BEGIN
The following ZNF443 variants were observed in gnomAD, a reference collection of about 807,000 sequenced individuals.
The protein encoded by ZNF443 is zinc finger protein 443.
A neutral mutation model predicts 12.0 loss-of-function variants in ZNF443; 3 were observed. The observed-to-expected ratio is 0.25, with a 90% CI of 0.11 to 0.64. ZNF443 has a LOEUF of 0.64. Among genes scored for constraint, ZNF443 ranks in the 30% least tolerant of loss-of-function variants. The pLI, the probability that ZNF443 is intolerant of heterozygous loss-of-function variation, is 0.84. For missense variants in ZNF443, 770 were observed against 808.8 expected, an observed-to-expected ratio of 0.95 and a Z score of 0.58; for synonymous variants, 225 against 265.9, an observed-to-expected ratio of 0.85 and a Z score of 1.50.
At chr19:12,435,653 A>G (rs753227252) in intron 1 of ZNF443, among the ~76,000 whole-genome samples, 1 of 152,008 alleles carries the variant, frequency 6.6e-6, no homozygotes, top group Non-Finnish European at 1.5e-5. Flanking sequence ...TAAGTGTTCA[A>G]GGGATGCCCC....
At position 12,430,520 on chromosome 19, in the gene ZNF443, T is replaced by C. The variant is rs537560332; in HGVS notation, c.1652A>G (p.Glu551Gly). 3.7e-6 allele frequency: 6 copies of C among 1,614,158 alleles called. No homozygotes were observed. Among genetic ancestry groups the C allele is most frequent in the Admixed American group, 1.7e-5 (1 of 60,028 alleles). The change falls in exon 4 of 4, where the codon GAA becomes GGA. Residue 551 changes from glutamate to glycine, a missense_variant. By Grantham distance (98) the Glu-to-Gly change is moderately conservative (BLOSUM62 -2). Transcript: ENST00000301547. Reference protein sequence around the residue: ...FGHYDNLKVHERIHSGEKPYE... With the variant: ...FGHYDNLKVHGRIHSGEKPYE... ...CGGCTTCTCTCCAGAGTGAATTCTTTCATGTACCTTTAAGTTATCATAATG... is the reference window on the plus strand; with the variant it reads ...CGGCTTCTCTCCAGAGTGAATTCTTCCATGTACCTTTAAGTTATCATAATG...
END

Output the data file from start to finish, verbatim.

The following ZNF443 variants were observed in gnomAD, a reference collection of about 807,000 sequenced individuals.
The protein encoded by ZNF443 is zinc finger protein 443.
A neutral mutation model predicts 12.0 loss-of-function variants in ZNF443; 3 were observed. The observed-to-expected ratio is 0.25, with a 90% CI of 0.11 to 0.64. ZNF443 has a LOEUF of 0.64. Among genes scored for constraint, ZNF443 ranks in the 30% least tolerant of loss-of-function variants. The pLI, the probability that ZNF443 is intolerant of heterozygous loss-of-function variation, is 0.84. For missense variants in ZNF443, 770 were observed against 808.8 expected, an observed-to-expected ratio of 0.95 and a Z score of 0.58; for synonymous variants, 225 against 265.9, an observed-to-expected ratio of 0.85 and a Z score of 1.50.
At chr19:12,435,653 A>G (rs753227252) in intron 1 of ZNF443, among the ~76,000 whole-genome samples, 1 of 152,008 alleles carries the variant, frequency 6.6e-6, no homozygotes, top group Non-Finnish European at 1.5e-5. Flanking sequence ...TAAGTGTTCA[A>G]GGGATGCCCC....
At position 12,430,520 on chromosome 19, in the gene ZNF443, T is replaced by C. The variant is rs537560332; in HGVS notation, c.1652A>G (p.Glu551Gly). 3.7e-6 allele frequency: 6 copies of C among 1,614,158 alleles called. No homozygotes were observed. Among genetic ancestry groups the C allele is most frequent in the Admixed American group, 1.7e-5 (1 of 60,028 alleles). The change falls in exon 4 of 4, where the codon GAA becomes GGA. Residue 551 changes from glutamate to glycine, a missense_variant. By Grantham distance (98) the Glu-to-Gly change is moderately conservative (BLOSUM62 -2). Transcript: ENST00000301547. Reference protein sequence around the residue: ...FGHYDNLKVHERIHSGEKPYE... With the variant: ...FGHYDNLKVHGRIHSGEKPYE... ...CGGCTTCTCTCCAGAGTGAATTCTTTCATGTACCTTTAAGTTATCATAATG... is the reference window on the plus strand; with the variant it reads ...CGGCTTCTCTCCAGAGTGAATTCTTCCATGTACCTTTAAGTTATCATAATG...